Blog's context suggests that posts are protected opinion

Kristen Rasmussen | Libel | Feature | August 24, 2011

An Oregon blogger’s disparaging “almost stream of consciousness-like” statements about the trustee in a bankruptcy case are protected opinion under the First Amendment, a federal judge in Portland recently ruled.

The opinion in Obsidian Finance Group v. Cox highlights the importance of courts’ consideration of the “looser, more relaxed communication style” of the Internet in their evaluations of allegedly defamatory online communications.

“Blogs are a subspecies of online speech which inherently suggest that statements made there are not likely provable assertions of fact,” U.S. District Judge Marco A. Hernandez said in his Aug. 23 order dismissing the overwhelming majority of defamation claims against self-described investigative blogger Crystal Cox, who often writes about whistleblowers in the real estate industry.

Cox operates the website obsidianfinancesucks.com, where she publishes critical statements about Obsidian Finance, an advisory and investment firm that specializes in unique and difficult business situations and transactions, and its senior principal Kevin Padrick. Cox alleges that Padrick engaged in misconduct in connection with his duties as trustee in the bankruptcy proceedings involving an Oregon financial firm, accusing Padrick, for example, of participating in “illegal activity,” lying to investors and committing “fraud against the courts.”

Padrick denied the allegations and, asserting that Cox’s statements damaged his and Obsidian’s reputations, sued her for defamation.

Noting, however, the “obviously critical blog title on which [the allegedly defamatory statements] appeared, the creation of a forum for ‘heated debate,’ the extensive use of hyperbolic and figurative language, and the posting of several questions rather than statements,” Hernandez concluded that, under the totality of circumstances, a reasonable reader could not conclude that the statements at issue implied a provably false assertion.

This legal standard for statements of opinion was adopted by the U.S. Supreme Court in its 1990 seminal opinion case, Milkovich v. Lorain Journal Co. The Milkovich Court described two broad categories of opinion protected by the First Amendment: language that cannot be proved true or false by a core of objective evidence and “loose, figurative, or hyperbolic language which would negate the impression that the writer was seriously maintaining” an actual fact, or where the “general tenor of the article” negates the impression that actual facts are being asserted.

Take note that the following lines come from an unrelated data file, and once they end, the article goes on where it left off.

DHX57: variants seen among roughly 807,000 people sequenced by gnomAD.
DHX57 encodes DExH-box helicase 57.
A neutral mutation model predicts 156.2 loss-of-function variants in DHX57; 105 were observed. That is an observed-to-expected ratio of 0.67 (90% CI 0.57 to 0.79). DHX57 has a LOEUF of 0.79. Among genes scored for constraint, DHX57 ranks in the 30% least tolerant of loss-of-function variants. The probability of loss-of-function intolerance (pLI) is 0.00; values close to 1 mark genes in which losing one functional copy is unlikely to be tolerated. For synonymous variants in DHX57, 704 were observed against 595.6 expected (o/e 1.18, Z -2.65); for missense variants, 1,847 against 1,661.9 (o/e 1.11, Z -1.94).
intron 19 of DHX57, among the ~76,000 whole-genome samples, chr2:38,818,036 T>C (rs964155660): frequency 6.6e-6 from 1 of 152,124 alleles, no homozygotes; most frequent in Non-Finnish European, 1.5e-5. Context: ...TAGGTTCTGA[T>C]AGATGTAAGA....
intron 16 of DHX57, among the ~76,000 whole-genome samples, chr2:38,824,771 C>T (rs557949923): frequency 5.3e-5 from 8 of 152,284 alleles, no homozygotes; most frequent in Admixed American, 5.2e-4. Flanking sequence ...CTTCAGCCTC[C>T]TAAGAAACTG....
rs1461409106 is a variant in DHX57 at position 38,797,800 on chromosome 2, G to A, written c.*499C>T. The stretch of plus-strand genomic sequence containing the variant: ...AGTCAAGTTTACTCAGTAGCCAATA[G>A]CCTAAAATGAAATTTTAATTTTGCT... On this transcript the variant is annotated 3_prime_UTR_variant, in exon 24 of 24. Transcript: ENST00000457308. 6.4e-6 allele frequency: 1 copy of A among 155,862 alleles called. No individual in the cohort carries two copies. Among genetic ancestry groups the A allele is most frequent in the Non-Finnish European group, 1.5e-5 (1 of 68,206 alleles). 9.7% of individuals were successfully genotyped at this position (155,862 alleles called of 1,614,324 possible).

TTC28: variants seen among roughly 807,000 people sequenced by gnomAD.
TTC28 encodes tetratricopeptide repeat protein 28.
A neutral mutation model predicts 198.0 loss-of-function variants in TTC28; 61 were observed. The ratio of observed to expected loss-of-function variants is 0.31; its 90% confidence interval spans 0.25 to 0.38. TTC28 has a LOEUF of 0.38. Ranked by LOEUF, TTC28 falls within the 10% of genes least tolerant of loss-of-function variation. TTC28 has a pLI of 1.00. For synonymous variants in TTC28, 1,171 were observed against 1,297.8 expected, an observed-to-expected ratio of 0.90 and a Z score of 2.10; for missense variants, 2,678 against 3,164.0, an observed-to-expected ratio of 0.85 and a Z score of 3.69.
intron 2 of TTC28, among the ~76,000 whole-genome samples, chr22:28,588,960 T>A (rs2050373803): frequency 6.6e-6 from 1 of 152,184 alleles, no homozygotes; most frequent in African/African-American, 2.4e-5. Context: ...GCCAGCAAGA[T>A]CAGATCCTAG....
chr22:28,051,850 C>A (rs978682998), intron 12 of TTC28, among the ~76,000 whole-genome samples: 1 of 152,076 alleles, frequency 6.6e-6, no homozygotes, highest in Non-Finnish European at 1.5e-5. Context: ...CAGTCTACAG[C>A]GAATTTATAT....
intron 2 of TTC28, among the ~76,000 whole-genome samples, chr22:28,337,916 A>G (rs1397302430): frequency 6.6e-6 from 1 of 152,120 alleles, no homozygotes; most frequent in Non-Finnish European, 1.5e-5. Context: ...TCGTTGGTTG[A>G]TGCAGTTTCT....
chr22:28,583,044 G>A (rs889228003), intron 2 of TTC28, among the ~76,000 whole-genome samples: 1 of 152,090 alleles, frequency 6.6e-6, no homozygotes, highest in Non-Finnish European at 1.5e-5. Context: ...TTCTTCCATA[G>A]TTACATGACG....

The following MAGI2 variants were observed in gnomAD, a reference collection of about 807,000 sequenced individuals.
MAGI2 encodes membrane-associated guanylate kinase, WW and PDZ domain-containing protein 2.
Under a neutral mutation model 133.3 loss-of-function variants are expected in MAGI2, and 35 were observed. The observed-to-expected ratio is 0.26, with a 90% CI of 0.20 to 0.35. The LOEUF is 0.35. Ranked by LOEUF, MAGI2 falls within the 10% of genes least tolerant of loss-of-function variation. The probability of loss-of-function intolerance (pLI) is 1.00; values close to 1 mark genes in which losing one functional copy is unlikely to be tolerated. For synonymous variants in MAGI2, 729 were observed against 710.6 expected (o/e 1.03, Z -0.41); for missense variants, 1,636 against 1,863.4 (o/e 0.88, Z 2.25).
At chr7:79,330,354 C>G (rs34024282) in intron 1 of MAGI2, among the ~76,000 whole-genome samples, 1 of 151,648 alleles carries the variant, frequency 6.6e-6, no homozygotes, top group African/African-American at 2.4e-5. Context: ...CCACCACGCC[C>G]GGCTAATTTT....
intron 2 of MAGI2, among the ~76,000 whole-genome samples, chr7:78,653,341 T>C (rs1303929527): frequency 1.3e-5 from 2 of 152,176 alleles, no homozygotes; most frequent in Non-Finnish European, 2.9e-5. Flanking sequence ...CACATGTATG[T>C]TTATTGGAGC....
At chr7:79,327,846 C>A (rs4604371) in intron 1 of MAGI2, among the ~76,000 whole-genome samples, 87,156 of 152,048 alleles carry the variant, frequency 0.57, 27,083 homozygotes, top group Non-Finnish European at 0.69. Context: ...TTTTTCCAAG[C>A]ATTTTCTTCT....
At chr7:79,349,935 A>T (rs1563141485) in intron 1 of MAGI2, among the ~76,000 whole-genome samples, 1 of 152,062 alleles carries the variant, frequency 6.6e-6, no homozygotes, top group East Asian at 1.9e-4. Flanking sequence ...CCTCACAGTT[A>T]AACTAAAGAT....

Thus, statements must be considered in context, courts have held. This evaluation generally requires a consideration of general context, which refers to the entire work at issue, and broader context, which refers to the publication in which the work appears.

In its discussion of the broader context of Cox’s online statements, the Oregon court noted that the setting and format of blog posts “create a looser, more relaxed communication style, which is less likely to be understood as containing statements of fact or implying factual assertions,” the judge said.

Moreover, Cox’s use of figurative and hyperbolic language, including terms like “jackass,” “thugs” and “fishy circumstances,” would lead a reasonable reader to “understand that [Cox’s] postings generally consist of a fanciful diatribe, fueled by her subjective belief of pervasive corruption . . . .”

In contrast to these posts, one that appeared on a different website, bankruptcycorruption.com, could lead reasonable readers to reach differing conclusions about whether the statements that appeared there contained or implied an assertion of objective fact, according to the court, which declined to dismiss the defamation claim based on this post.

While the title of this site still suggested a certain bias, it was not as strong or specific as that of obsidianfinancesucks.com, the judge said. Moreover, certain statements in this post contained or implied assertions that could be proved true or false, including an allegation that as trustee of the bankruptcy estate, Padrick engaged in tax fraud, the court ruled.